From Windsor: About 11:00 o'clock Monday night four dykes at Poverty Point, near Smith Island, gave way and ten minutes afterwards the lowlands for miles around were flooded, and their contents much damaged. The inmates were compelled to take refuge in the upper stories. Many cattle and sheep were drowned. Mr. P. Miles lost 34 sheep. The tide rose four feet higher than it was ever known before! At Falmouth and Newport the dykes were carried away, and the land flooded. At Horton, and upon the Grand Pre dykes, a quantity of hay was destroyed and numbers of cattle drowned, some of which drifted out to sea. Bridges were carried away or destroyed!

Halifax Chronicle, Oct. 8, 1869
From Cumberland: The tremendous tide swept over the whole of the marshes of Cumberland and Westmorland! When it was considered that almost every farmer adjacent to a tract of (dyked) marsh depends upon it for the principal part of his hay, and that this, after being cut, remains for the most part on the ground in stacks, or in exceptional cases in barns, to be hauled in the winter, the great extent of the losses may be more nearly approximated. But the loss of hay now, great as it is, embraces but a small portion of the damages to the proprietors of (dyked) marshes. The expense of repairing, and in many cases renewing miles of heavy dykes; and the injurious effects upon future grass crops for years, through the action of the tide, to swell up the account of losses! At half past 10 o'clock on Monday night the dykes overflowed. The water having gradually accumulated on the marshes to the depth of from one to two feet, a wave, similar to the tidal bore, swept up with a rearing noise and a great velocity, carrying almost everything before it; stocks of hay, fences and in many cases, well-filled barns succum bing to its power. Four men who went to Fort Lawrence to secure a schooner sought shelter from the wind in a barn. The tide rising, they abandoned the barn and took to a fence which extended from it to the upland, and by passing along which they hoped to be safe. The waves swept away the fence. Two of the men managed to reach some poles and save themselves. The others were drowned. An old man named Steward, belonging to Minudie, engaged in cutting grass at Minudie Point, was in the habit of spending his nights in a barn there. On the Terrific night, finding the barn afloat and breaking up, he succeeded in clinging to a passing haystack. After being for some time at the mercy of the wind and the tide, hope almost failed as he was being fast borne seaward, when his life-buoy grounded on the top of the dyke, seemingly at the very brink of destruction. He was rescued by means of a boat on the following day. A horse which was in the barn was drowned.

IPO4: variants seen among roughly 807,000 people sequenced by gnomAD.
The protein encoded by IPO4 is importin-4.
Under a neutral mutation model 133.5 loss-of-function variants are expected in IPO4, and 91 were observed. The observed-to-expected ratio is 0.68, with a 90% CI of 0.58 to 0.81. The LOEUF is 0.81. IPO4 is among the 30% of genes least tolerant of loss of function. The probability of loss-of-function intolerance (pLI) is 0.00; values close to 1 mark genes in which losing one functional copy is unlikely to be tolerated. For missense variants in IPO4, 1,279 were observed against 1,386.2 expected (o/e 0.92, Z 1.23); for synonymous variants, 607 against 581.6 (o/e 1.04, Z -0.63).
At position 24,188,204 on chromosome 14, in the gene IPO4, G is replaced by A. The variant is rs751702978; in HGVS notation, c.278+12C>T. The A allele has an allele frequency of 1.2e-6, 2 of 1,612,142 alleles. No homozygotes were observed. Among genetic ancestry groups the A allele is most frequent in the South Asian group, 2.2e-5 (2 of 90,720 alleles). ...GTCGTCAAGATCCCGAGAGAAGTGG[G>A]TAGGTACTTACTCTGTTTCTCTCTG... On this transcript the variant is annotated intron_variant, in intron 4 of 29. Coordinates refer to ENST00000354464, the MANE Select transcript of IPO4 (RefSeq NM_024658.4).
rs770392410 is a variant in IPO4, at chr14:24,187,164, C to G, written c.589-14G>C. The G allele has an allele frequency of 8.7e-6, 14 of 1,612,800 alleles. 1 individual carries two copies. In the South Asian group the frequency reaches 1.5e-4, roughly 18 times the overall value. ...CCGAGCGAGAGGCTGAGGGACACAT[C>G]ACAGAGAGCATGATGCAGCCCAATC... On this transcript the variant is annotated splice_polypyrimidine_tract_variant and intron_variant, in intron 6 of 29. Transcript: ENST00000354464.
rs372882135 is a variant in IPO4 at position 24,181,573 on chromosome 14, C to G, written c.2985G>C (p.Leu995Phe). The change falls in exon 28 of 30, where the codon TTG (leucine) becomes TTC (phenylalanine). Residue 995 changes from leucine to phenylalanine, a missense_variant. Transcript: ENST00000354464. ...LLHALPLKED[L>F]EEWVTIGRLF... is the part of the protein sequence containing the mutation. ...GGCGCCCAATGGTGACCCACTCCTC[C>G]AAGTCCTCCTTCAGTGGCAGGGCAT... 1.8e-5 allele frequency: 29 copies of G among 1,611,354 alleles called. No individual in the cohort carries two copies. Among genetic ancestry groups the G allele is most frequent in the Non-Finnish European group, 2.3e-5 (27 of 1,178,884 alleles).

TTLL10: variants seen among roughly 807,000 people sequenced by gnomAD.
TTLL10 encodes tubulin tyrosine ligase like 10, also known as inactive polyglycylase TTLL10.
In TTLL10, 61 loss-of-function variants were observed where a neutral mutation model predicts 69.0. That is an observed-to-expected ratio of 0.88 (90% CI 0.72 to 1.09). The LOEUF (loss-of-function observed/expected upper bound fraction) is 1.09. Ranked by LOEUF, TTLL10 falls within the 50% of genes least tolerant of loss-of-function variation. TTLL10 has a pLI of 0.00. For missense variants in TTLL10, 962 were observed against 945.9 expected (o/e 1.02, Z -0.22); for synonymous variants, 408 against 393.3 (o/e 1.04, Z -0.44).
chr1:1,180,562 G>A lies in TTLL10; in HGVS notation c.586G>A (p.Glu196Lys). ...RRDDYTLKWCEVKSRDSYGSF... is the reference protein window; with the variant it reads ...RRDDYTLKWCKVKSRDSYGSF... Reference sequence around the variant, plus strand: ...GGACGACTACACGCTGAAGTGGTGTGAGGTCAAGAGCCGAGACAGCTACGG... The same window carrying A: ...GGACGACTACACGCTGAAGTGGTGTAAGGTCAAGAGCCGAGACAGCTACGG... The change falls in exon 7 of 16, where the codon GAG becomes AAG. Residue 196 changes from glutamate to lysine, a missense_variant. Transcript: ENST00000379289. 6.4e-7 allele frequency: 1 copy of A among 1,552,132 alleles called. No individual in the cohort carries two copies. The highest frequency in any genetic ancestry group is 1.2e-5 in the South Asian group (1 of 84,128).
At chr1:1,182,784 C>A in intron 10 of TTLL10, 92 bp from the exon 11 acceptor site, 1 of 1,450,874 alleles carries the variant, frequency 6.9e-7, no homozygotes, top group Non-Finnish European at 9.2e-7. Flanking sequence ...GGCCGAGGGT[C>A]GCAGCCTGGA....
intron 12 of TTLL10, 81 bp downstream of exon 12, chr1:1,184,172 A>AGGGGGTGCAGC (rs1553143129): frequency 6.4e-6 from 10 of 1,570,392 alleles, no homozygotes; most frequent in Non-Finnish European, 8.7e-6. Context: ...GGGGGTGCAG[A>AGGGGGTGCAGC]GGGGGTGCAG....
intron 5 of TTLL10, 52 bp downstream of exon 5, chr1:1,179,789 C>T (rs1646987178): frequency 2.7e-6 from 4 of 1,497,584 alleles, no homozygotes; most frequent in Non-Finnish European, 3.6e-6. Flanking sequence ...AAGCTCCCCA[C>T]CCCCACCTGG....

Amherst Gazette, Oct. 18, 1869
From Windsor: Ten days after the Gale: The floods have abated. On Tuesday the last field was left dry, and now nothing but a barren scene meets the eye in every direction. The beautiful green afterfeed of the dykes is turned into a muddy brown marsh, which produces an unhealthy dismal fog and a sickening smell; fences are lying strewn in every direction; haystacks are racked and ruined, and occasionally the carcass of a dead animal is seen bleaching in the sun. A meeting of dyke-holders voted to repair the Tragothic or Big Dyke. The Town Dyke at Avondale will not be repaired, as the rates are so high that it will not pay them for their trouble. It seemed to be resting on quicksand and was constantly settling. In 1860 it was decided to abandon the structure and build a new one about two hundred yards up the river. Two years were taken to finish the work, and in the meantime, the old aboiteau was kept in repair, which gave much better facilities for working at the new one. When the Eastern Extension Railroad was constructed (1872), a right-of-way was secured by the company over the new aboiteau, and later when the road came into the hands of the Dominion Government, an arrangement was made with the commissioners of the aboiteau for maintaining the work!

*Note: Name of newspaper not given
The arrangement with the railroad has continued into the 1980s. The tracks along the top of the dyke, which protect 820 hectares of farmland as well as a stretch of the Trans-Canada highway just inside it, between Amherst, N.S. and Sackville, New Brunswick.

"The Saxby Gale" In : Maritime Dykelands: the 350-year Struggle. The Nova Scotia Department of Agriculture and Marketing. 1987. Halifax, Nova Scotia. 81 pp.